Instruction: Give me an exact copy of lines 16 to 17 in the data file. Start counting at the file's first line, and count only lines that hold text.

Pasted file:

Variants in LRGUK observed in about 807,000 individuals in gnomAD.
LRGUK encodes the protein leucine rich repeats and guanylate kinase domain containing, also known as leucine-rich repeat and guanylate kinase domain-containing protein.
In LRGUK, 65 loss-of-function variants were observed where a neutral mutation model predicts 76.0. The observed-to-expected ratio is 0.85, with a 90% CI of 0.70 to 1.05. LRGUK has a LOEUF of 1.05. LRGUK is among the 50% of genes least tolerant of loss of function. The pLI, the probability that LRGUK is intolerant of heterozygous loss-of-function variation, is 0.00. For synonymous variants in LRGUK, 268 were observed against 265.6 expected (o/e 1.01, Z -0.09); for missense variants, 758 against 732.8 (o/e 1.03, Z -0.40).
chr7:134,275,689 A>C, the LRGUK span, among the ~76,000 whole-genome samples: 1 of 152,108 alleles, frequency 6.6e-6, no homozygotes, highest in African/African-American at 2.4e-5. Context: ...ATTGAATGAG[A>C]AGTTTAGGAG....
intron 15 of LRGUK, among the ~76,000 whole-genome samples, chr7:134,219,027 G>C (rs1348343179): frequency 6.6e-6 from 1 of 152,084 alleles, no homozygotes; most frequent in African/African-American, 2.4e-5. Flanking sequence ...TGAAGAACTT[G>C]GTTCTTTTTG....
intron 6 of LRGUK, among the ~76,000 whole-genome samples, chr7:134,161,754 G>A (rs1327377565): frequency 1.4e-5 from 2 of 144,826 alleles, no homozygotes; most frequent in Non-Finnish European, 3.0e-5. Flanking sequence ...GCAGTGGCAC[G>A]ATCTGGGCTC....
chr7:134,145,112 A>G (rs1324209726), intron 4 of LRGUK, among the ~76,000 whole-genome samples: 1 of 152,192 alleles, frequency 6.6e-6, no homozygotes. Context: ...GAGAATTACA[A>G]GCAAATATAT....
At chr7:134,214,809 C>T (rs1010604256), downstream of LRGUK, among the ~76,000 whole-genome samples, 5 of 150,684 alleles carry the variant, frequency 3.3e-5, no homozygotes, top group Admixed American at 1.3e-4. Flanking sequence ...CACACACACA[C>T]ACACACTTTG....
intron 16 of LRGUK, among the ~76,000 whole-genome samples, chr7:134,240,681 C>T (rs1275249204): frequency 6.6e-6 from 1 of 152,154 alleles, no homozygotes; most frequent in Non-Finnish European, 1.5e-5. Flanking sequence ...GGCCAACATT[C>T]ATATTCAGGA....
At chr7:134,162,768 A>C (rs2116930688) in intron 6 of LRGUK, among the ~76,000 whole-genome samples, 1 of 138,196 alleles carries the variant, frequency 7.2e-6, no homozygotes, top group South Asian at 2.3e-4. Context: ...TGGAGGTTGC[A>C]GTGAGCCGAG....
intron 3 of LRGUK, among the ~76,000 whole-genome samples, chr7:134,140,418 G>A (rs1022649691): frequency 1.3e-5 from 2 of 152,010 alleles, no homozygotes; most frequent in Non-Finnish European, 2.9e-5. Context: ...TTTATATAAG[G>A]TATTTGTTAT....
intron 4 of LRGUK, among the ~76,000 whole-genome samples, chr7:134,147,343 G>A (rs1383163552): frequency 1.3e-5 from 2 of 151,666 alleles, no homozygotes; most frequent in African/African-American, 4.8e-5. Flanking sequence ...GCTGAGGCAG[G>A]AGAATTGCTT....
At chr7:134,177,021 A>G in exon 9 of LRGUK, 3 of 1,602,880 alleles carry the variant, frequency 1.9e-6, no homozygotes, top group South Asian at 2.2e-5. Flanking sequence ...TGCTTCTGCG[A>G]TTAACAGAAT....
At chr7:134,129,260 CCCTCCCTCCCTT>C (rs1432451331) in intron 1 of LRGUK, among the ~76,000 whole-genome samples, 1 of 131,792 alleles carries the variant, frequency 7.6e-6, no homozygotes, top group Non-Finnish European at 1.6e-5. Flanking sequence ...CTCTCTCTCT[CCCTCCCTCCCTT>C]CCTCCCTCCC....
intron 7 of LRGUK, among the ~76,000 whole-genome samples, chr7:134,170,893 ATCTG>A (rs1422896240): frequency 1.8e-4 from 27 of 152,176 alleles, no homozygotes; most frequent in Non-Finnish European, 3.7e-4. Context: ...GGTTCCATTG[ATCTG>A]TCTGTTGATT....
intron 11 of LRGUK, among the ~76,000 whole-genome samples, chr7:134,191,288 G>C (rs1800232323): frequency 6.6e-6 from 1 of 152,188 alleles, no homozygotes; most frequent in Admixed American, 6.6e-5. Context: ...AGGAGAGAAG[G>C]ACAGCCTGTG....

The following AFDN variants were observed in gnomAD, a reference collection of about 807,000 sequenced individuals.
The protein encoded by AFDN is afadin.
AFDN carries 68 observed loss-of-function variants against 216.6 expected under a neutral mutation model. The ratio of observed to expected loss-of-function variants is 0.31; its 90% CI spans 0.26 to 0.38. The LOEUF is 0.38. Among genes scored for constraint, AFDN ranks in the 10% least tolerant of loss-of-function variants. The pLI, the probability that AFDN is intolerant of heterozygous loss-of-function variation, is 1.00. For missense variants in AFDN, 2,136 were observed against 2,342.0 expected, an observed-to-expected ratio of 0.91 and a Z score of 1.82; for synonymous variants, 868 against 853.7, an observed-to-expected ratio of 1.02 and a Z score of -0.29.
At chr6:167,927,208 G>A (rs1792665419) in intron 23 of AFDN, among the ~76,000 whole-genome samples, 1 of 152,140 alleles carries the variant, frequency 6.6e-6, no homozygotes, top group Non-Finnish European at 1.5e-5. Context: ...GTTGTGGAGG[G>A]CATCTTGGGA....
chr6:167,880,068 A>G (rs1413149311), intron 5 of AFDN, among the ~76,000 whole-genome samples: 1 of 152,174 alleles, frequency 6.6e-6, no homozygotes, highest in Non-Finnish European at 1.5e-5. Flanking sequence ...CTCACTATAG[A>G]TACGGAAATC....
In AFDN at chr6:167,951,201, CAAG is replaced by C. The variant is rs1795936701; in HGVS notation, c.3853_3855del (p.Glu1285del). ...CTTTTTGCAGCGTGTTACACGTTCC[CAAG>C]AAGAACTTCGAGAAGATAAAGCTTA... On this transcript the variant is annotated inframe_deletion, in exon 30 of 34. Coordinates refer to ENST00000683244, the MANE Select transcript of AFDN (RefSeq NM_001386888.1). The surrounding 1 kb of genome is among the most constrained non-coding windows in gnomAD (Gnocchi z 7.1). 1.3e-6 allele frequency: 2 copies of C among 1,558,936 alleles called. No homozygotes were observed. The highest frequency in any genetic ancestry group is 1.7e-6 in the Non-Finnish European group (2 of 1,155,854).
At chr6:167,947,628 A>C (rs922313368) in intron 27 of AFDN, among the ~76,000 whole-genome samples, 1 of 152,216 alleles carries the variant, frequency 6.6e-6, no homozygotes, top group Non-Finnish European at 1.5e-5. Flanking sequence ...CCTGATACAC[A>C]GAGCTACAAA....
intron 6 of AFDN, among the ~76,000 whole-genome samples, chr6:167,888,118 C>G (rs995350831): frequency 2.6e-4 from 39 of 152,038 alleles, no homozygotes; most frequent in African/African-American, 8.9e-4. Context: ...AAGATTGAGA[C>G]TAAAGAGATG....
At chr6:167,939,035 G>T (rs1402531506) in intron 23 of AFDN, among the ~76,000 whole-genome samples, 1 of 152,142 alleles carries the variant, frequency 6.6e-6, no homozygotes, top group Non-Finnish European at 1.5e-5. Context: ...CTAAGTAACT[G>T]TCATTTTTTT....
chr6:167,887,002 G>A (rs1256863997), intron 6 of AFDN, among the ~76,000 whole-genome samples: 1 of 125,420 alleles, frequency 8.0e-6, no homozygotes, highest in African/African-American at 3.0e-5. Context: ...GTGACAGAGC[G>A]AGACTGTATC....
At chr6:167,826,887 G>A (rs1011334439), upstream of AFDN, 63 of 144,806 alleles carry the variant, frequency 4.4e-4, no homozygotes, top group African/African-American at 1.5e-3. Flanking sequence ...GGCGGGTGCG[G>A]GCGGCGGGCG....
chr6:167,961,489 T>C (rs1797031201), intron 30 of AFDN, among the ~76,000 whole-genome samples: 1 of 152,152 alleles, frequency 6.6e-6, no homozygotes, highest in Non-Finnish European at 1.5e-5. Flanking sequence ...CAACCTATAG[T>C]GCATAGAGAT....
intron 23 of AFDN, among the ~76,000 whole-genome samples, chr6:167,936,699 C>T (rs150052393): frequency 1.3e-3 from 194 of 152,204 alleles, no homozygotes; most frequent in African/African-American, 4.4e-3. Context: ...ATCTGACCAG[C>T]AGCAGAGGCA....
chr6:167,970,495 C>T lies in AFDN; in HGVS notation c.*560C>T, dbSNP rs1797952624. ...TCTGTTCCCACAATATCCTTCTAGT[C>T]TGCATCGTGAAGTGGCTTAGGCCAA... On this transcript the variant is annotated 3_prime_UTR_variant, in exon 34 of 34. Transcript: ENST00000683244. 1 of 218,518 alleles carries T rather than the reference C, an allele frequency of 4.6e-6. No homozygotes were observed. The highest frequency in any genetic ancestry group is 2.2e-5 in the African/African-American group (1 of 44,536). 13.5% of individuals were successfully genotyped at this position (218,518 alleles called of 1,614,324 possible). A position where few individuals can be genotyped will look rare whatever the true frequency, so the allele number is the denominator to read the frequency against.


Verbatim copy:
intron 11 of LRGUK, among the ~76,000 whole-genome samples, chr7:134,191,288 G>C (rs1800232323): frequency 6.6e-6 from 1 of 152,188 alleles, no homozygotes; most frequent in Admixed American, 6.6e-5. Context: ...AGGAGAGAAG[G>C]ACAGCCTGTG....

The following AFDN variants were observed in gnomAD, a reference collection of about 807,000 sequenced individuals.